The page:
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The overall issue of accepting those who are different than us has been around for a while now. We have always looked to find comfort and safety in perhaps those who define themselves similarly to you. When someone who perhaps does not same these same definitions or anything, we usually tend to push out and exclude them because we view them as a possible threat. The problem is that we have a fear of the strange or unknown. We have to learn to find ways in which we can accept those strange and unknown people/ideas to become a more united world.

The biggest example of having a fear of the unknown is the immigration crisis of the Southern border of the United States. The biggest number of people immigrating or coming from the other side is mainly Mexicans and South Americans. In a paper written by a young girl whose dad is undocumented, she talks about how her dad was to be deported back to Ecuador. Although he went to regular “check-ins” with immigration officials, we was to be deported. This girl talks about how or why people are so cruel. This man, her dad, had been living in New Haven to create a better life for him and his family. As he was about to be deported, he claimed sanctuary and now is living in a church. He can’t step a foot outside because if he does, he will be deported immediately. This is a big example of not accepting different people. Yes, I understand and know that it is wrong that he came into the U.S. illegally, but as many stories are heard, so many parents come here to find a better life not only for them, but also their family. They want only the best for them.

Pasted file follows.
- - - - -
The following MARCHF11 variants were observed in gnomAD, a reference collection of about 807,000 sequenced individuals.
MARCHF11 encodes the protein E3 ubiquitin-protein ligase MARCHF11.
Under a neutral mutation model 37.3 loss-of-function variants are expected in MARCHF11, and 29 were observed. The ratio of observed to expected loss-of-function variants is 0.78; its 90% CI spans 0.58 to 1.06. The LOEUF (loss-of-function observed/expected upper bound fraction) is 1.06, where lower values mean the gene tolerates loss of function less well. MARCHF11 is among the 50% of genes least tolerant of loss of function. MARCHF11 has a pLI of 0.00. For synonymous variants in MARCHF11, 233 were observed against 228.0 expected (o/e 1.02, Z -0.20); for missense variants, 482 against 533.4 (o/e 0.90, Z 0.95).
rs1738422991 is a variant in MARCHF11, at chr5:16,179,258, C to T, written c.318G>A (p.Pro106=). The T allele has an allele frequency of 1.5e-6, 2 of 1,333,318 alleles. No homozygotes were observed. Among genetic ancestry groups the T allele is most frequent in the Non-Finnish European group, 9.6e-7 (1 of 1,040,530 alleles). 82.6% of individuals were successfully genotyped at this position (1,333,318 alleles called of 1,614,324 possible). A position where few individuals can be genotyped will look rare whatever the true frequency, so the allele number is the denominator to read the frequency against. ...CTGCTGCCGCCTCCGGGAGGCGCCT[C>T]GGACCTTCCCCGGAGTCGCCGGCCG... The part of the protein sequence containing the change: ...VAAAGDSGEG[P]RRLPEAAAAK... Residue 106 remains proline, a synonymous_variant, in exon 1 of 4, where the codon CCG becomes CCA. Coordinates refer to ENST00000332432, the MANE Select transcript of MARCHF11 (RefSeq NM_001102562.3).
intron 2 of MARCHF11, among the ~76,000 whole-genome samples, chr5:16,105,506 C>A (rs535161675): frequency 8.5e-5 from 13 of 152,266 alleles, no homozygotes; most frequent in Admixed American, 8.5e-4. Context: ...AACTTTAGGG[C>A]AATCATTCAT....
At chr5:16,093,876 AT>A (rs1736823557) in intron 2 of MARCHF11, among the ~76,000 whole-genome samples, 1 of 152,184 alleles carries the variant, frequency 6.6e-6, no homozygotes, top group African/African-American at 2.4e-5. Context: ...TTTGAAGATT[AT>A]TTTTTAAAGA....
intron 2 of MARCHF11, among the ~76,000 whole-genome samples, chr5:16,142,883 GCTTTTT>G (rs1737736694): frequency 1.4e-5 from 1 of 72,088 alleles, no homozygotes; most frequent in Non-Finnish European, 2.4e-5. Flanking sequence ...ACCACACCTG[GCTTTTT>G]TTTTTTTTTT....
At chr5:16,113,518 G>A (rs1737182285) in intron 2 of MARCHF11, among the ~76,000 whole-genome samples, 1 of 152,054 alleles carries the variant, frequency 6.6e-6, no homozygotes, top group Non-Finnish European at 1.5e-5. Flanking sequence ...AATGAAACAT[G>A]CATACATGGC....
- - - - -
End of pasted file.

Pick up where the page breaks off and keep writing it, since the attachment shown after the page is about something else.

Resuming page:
The basic word for fear of strangers is xenophobia. This applies generally to anyone who has a fear of anyone different from us. Through history, it’s seen that those who stick together tend to stay together and work as they are. When someone from the outside try to come in, we tend to push them away because we are afraid of what bad or disorder could come if the outsider is brought in. Sometimes, a group just doesn’t know how to react or even approach that different individual. But, at times, since they don’t know what they are dealing with, they will be rude in pushing them out. This is seen in so many different places such as work, school, and public places where people gather. We tend to try to find a group that defines similar to you and has many traits that you share or agree on.

The simplest way in which we can solve this problem is learning to accept other people’s differences. It sounds so simple and easy to accomplish, but sadly, not everyone thinks this is a great thing to do. The most basic thing we can do is treat everyone with the same degree of respect. Showing this to everyone allows you and them to feel good and a part of everyone with no differences. Another way is to talk and get to know others, Yes, it can be hard to start a conversation with just anyone, but a simple hello could change everything. Talking and getting to know these people, their beliefs and views helps you understand them more and be more accepting of them. Being open while talking and getting to know others is great. This allows you to share similarities and differences that you might have. It also opens the doors of possible friendships, work prospects and perhaps a wider understanding of the world.